“Nonsense!” said Robert I, also known as the Frisian, “It was not your fault anyway. As you eagerly pointed out this boar with your heart a racing, mine raced quicker than yours and forgot all dangers. It was I who was being foolish. I probably deserved to be the sport of that devil of a beast. But see what has been accomplished! You have killed your first boar, and that is no easy task. There have not been many squires who have done such a deed…” He stopped until they had finished packing up the boar and were ready to head back to Gent, the capital of the county of Flanders before he continued, “And this boar was no ordinary one. They usually just turn around and just stand there, threatening whoever comes close. This one turned around and charged! I will not deny that fear began to creep up on me as it pursued after me. I think it is incredible to think that one boar could seem to be more fearful and dangerous than an entire army!”

“Truly,” said Robert II, “for with an army standing before you, you often have time to organize and make strategic decisions. There was no time for that here.” After a pause, he continued. “I’d love to have an opportunity to fight in an organized battle sometime soon.”

“That day may soon come,” said his father, “for presently, we have problems enough close to home. There is trouble brewing between Robert, the Duke of Normandy, and his brother William II, King of England.”

“Yes,” said Luke, “And after a truce too, but it isn’t entirely his fault. He was trying to forgive and forget the humiliation that his brothers gave him many years ago by dumping a full chamber-pot on his head. He had even gone to war for it soon after it happen because his brothers never would say sorry for it. To top it off, his father William sided with them rather than calling for justice. All these misunderstandings and wars made William want to disinherit him completely when he died. It was very fortunate that he did finally consent to give him the Dukedom of Normandy. But because he was the oldest, it would have made more sense to give Robert the Kingdom of England. However, as I said, he was trying to forgive and forget, and the brothers made an agreement that whoever died first, would inherit the other’s land. However, several barons, including William I’s half-brother, Odo, decided that it would be better if Robert was the sole ruler of England and Normandy. So, they began to stir an uprising and cause trouble in England. They now await Robert’s coming.”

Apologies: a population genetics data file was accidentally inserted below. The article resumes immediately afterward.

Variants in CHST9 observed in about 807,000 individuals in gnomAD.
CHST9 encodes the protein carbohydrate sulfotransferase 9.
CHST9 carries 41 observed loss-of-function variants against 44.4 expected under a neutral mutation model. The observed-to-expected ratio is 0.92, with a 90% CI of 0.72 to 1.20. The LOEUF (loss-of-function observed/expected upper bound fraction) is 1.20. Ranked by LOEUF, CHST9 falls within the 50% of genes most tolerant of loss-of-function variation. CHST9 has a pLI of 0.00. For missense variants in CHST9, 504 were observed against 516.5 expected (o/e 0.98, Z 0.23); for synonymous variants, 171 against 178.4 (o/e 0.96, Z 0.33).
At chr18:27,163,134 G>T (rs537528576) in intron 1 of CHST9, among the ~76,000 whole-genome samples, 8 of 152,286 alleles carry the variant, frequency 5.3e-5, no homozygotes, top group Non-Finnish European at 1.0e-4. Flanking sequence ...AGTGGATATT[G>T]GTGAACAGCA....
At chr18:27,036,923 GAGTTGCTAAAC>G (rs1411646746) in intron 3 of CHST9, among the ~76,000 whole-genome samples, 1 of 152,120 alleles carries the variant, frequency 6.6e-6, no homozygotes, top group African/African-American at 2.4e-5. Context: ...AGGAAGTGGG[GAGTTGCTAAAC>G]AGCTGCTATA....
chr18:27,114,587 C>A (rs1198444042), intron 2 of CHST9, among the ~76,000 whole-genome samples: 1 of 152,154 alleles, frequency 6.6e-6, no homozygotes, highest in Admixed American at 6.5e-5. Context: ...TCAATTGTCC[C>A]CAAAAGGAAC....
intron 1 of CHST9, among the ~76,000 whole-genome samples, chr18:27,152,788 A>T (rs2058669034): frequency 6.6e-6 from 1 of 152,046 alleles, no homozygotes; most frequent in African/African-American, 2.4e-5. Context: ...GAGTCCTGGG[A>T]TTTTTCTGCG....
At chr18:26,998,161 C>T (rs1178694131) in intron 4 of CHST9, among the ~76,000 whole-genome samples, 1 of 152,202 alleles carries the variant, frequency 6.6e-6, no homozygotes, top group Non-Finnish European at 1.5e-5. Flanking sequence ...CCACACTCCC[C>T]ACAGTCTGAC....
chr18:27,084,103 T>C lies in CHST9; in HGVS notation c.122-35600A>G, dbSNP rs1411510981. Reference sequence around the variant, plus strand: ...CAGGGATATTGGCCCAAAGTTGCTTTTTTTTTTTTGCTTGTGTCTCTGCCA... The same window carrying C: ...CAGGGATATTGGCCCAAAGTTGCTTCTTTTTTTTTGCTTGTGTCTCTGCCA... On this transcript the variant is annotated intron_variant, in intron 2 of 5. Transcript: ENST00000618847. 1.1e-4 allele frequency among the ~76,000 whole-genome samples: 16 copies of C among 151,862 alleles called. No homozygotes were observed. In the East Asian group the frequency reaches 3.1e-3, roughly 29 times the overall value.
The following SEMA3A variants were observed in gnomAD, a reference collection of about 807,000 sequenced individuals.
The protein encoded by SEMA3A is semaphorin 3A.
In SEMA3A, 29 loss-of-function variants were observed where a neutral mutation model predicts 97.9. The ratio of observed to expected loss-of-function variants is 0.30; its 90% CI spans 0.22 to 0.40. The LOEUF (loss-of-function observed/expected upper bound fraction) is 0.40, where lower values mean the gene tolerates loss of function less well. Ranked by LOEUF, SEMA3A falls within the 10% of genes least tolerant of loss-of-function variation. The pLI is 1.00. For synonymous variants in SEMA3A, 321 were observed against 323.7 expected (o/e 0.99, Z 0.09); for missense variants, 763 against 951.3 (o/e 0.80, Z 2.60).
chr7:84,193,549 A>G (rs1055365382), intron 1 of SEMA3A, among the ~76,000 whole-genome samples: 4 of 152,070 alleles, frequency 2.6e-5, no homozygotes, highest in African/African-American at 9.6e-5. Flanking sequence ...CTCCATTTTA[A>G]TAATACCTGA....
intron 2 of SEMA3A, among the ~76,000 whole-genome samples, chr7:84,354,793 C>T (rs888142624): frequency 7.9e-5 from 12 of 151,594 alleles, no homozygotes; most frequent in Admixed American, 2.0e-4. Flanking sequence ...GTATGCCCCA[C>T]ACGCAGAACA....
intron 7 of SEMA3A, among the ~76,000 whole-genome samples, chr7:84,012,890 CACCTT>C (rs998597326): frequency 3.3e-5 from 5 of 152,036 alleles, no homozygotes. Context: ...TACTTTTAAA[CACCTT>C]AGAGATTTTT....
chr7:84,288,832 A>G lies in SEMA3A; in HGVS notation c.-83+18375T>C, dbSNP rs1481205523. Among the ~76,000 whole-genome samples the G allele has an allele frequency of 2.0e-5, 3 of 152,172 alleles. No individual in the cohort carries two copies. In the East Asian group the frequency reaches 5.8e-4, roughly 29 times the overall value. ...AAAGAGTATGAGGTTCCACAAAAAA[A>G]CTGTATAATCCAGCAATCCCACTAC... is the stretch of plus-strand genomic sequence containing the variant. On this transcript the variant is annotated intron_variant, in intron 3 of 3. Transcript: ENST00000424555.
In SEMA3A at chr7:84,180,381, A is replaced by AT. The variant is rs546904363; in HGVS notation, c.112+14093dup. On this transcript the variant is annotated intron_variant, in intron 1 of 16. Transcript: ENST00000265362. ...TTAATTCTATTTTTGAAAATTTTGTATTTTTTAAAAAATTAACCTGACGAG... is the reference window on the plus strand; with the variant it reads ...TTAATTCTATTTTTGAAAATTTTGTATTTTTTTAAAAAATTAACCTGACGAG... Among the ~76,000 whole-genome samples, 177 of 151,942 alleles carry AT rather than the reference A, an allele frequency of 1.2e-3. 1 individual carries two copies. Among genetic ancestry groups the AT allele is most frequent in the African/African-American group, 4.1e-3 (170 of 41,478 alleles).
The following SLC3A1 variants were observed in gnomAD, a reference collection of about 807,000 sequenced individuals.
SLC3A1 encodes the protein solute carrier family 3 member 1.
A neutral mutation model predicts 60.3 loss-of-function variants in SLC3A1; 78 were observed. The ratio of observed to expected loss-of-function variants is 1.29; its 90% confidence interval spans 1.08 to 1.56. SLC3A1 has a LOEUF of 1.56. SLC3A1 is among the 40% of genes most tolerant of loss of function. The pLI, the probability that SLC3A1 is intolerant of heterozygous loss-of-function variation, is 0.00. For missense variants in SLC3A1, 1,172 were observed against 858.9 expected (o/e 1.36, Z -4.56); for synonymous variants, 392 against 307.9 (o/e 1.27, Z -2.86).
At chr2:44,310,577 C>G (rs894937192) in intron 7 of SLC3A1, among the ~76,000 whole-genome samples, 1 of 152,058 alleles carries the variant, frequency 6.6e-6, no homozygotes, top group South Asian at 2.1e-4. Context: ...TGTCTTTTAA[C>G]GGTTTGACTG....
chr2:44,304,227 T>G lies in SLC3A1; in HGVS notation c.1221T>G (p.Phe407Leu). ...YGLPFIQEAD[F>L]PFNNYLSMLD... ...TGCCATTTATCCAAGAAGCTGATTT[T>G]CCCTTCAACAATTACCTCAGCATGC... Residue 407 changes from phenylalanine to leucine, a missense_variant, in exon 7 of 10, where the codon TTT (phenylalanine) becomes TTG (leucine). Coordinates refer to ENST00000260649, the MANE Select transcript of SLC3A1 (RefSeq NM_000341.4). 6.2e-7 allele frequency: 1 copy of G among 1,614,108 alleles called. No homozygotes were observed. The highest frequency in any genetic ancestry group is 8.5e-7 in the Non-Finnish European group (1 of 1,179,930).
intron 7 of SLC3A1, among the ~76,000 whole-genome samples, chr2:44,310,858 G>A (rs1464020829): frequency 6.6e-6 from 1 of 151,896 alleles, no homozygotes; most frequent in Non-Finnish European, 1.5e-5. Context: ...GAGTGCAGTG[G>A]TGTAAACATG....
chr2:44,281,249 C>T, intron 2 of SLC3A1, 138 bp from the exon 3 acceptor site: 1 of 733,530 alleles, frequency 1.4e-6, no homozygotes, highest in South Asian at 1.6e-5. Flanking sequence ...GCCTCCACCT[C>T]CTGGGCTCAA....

“That was very well said,” Count Robert I agreed. “Yes, and I fear it may not be long now…He will probably wait until after Easter, which is coming up next week.”

Then after a long pause of reflection, he turned toward his squire and spoke. “Mark, I have been thinking on this for several days now, and I believe the time has come for you to take on the rank of knighthood. For a while at least you will fight alongside me under my banner. We shall perform the ceremonies come Easter Sunday. Meanwhile, prepare well for this special honor.”

“My lord, I shall. I am most unworthy of this honor, but I will use all my strength to serve your banner with honor!”

“I know you will. You have been with me for many years, through many combats. You have learned fast and have quickly grown into a strong young man. Your qualities are in great demand on the battlefield, and I know I can depend on you. This day’s deed in killing the boar only gives another example of your cool-headedness in the face of danger.”

John spoke up, “Doesn’t this coincide with Matthew’s ordination at Bec?”

“Why, so it does!” said Luke.

John said again, “Sometimes the great coincidences of life are so amazing and seem to be ordained by God Himself.”

“It also seems that God has ordained that we make it back safely,” said Robert I, “Listen to the trumpets and cheers that greet our arrival!”